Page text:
PS: Either a moratorium – or a payback. Why can’t the UK, which gets a doctor from Sri Lanka, pay for the education of that doctor? I mean you can’t stop them applying – it’s a basic human right. But the rich country could pay, not necessarily in money but say in drugs or whatever – to make up for the loss.
RHN: DCP2 takes Sri Lanka as one of the few successes in developing country health, and you’ve talked about that. But what were the deeper circumstances that enabled it to succeed?
PS: 1948 was a turning point. Until then we were a British colony, but they left us – I think – with a good infrastructure. In spite of what colonization has done to many countries, in my opinion in Sri Lanka it was a very positive thing. The British left us with a good network of roads, good railways – and a good health infrastructure, based almost on the National Health Service in the UK, which was then very new.
RHN: But they did the same for India, and its health is not so pretty.
PS: Yes, but please – India is a continent, it’s not a country. It would be like saying Europe is a country. If you go to different parts of India you find things are totally different, with different languages, looks, climate, social structure. And within that continent you can find pockets of excellent health services. Especially in the South, in Karnataka, Kerala, Tamil Nadu and places like that.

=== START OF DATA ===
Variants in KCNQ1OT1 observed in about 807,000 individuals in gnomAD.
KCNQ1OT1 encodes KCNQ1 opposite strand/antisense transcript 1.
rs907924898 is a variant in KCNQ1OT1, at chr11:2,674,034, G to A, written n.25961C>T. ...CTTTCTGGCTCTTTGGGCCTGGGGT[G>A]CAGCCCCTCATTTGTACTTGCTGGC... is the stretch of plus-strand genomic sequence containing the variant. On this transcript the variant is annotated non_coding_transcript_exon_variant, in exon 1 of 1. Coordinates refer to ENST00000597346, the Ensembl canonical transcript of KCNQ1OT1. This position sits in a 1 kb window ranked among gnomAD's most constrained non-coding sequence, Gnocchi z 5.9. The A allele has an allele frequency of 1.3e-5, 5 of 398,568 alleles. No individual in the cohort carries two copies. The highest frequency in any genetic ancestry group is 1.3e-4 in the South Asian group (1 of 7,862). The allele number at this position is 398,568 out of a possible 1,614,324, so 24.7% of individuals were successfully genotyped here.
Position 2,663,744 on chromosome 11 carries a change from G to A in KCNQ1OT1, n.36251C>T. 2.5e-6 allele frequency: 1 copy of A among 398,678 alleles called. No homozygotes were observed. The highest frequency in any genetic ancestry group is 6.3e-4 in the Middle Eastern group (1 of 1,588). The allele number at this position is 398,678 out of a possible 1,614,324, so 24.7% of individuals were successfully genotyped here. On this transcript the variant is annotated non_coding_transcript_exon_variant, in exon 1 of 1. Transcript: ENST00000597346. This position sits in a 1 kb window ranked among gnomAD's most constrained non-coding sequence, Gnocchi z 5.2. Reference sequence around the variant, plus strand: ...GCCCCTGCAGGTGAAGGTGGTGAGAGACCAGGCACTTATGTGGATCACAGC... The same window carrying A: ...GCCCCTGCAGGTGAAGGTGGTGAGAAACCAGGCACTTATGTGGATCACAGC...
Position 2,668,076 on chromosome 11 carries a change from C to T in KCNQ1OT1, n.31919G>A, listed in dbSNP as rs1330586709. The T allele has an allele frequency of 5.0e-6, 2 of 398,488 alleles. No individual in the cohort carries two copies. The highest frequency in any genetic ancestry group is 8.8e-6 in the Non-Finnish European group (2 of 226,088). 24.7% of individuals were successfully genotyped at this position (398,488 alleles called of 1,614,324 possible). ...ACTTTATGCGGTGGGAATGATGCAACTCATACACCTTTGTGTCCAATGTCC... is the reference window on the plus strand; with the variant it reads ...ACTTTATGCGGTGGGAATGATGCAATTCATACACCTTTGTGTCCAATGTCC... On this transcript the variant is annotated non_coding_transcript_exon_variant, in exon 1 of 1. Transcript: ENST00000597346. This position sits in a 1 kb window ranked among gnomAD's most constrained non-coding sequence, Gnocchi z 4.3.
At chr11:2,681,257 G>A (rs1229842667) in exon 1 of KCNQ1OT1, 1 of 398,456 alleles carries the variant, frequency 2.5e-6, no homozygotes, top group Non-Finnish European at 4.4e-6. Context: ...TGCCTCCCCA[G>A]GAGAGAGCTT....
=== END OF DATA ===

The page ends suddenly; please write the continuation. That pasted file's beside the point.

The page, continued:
RHN: You have a little charity of your own, don’t you, the “Educate a Child Project” to educate poor children in Kalutra in Sri Lanka, and there you’ve emphasized your belief that development must happen from the ground up – that while donors may be there to help, the real initiative must come locally. Could you expand on that?
PS: What I am today is purely because of what Sri Lanka provided for me through its education. Without that, millions of dollars couldn’t have got me here. My little project is to pay back to Sri Lanka a little.